NHS doctor warns of the little known skin cancer signs to check for on your body

NHS doctor warns of the little known skin cancer signs to check for on your body

Chris Evans' colleague Rachel Horne on undergoing surgery for skin cancer

An NHS doctor is warning Brits to check for signs of cancer, with cases in one type soaring.

Dr Dan Mullarkey, the Medical Director of Skin Analytics, warned the rates of skin cancer have been increasing and are predicted to continue rising.

“The good news is that they can be caught early if you know what to look for,” said Dr Mullarkey.

The first step in recognising skin cancer is to become familiar with what your skin looks like right now.

“Try and get familiar with where you have moles or other marks on your body,” advised Dr Mullarkey.

“That way you’ll be more aware of any changes or new growths which may warrant further assessment.”

READ MORE… Other forms of skin cancer ‘killing more people than melanoma’ – signs to spot

For those hard-to-see areas, such as your back, Dr Mullarkey recommends using a mirror or asking a close friend or partner to help you take pictures.

It’s also vital that everybody is well acquainted with the ABCDE checklist for skin cancer.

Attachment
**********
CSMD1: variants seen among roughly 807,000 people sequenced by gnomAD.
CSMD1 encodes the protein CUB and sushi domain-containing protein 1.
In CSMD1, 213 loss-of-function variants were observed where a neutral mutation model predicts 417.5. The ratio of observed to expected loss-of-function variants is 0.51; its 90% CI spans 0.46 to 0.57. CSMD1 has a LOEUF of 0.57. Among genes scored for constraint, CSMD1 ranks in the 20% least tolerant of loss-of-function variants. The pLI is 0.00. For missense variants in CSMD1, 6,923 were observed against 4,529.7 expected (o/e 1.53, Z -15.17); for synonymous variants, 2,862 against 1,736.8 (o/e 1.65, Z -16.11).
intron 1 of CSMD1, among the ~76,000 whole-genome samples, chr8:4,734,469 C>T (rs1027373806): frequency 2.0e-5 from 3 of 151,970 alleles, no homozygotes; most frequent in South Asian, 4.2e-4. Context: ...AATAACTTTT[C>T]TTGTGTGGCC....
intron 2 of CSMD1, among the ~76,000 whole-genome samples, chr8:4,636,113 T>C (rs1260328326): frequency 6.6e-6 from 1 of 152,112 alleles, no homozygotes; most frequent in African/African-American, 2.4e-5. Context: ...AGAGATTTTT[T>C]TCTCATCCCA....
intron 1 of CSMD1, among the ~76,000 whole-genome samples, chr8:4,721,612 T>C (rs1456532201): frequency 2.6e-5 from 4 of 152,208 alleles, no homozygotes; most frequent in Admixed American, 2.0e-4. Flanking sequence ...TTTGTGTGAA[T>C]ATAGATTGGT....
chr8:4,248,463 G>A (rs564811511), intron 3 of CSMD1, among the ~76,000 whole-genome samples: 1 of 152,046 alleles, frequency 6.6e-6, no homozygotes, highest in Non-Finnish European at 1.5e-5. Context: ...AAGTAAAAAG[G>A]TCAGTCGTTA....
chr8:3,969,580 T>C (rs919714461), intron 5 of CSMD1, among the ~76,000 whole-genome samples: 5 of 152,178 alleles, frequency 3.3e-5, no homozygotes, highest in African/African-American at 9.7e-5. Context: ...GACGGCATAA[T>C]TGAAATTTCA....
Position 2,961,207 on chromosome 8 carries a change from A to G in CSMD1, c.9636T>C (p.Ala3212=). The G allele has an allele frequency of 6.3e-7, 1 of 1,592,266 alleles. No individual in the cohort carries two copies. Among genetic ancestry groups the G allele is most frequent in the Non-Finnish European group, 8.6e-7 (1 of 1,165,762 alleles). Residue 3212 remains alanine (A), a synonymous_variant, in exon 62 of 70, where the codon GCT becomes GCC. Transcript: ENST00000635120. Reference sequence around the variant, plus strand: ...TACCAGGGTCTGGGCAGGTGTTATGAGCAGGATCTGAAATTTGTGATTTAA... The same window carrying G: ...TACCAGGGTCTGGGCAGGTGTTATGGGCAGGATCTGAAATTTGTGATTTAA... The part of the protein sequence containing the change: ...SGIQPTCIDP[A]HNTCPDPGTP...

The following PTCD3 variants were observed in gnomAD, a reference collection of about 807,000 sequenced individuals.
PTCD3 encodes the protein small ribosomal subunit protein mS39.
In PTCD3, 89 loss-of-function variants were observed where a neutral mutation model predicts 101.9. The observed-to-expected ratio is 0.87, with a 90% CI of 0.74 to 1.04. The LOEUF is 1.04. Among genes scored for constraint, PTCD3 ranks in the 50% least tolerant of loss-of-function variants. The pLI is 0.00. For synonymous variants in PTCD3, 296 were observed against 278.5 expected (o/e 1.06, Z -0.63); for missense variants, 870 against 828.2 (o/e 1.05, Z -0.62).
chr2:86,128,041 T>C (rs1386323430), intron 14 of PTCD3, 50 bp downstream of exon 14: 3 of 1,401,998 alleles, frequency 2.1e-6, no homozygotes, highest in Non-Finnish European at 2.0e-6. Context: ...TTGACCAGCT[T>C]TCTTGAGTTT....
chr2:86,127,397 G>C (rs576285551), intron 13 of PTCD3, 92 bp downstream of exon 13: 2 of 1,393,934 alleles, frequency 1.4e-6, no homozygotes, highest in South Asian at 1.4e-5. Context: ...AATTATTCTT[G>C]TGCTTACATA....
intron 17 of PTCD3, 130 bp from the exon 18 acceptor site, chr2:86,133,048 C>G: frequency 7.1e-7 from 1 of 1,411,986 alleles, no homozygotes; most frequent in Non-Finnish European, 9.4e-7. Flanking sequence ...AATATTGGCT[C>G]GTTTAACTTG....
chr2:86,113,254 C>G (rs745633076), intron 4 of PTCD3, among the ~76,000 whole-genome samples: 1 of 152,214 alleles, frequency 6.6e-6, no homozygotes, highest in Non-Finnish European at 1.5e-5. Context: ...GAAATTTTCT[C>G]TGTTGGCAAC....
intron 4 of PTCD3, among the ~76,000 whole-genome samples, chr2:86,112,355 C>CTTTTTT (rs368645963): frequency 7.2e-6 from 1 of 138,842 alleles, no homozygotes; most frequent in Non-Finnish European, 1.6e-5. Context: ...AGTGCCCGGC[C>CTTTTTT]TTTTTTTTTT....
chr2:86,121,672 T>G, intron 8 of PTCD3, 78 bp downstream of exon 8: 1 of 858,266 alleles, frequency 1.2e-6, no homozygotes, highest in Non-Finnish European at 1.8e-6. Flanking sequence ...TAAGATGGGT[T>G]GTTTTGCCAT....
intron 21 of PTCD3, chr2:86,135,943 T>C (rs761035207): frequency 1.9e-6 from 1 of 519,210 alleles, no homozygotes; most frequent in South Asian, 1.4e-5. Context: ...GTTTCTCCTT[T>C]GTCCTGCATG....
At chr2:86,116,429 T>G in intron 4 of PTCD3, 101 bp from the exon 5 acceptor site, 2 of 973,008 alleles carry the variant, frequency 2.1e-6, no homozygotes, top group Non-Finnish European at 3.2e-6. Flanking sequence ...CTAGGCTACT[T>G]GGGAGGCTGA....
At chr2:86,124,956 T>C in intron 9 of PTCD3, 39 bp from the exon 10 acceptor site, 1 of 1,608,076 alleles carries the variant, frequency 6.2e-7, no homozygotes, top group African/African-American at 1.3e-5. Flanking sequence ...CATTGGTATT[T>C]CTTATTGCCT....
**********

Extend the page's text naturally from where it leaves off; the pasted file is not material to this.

Review moles and dark spots on your skin using the ABCDE method:

  • Asymmetry: Check if both halves of the mole mirror each other.
  • Border: Look for undefined or jagged edges.
  • Colour: A consistent colour is preferable; varying hues can be concerning.
  • Diameter: Has it grown? Moles larger than 7mm warrant attention.
  • Expert: When uncertain, always seek a professional opinion.

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“You may find it helpful to take a series of photos of your moles over time,” said Dr Mullarkey.

“Consider placing a tape measure or ruler alongside the lesion to help demonstrate any change in size over time.”

Non-melanoma skin cancers can differ in appearance, said Dr Mullarkey, so be on the lookout for firm, red lumps or discoloured, scaly patches.

“These may be tender or can feel itchy or burn,” added Dr Mullarkey. “They may ulcerate or present as a sore that doesn’t heal.”

If you’re not sure if the lesions could be cancerous, the first step is to share your concerns with your doctor or a dermatologist.

People also need to be aware of the difference between seborrhoeic warts and skin cancer.

Dr Mullarkey clarified: “These benign growths, which can range in colour from pink to dark brown, might look worrying but have distinct characteristics.”

Warts have a “stuck-on” appearance and a rough texture, said Dr Mullarkey, which differentiates them from skin cancer lesions.

“While these warts are generally harmless, any sudden or unfamiliar skin changes warrant a consultation with a GP,” advised Dr Mullarkey.

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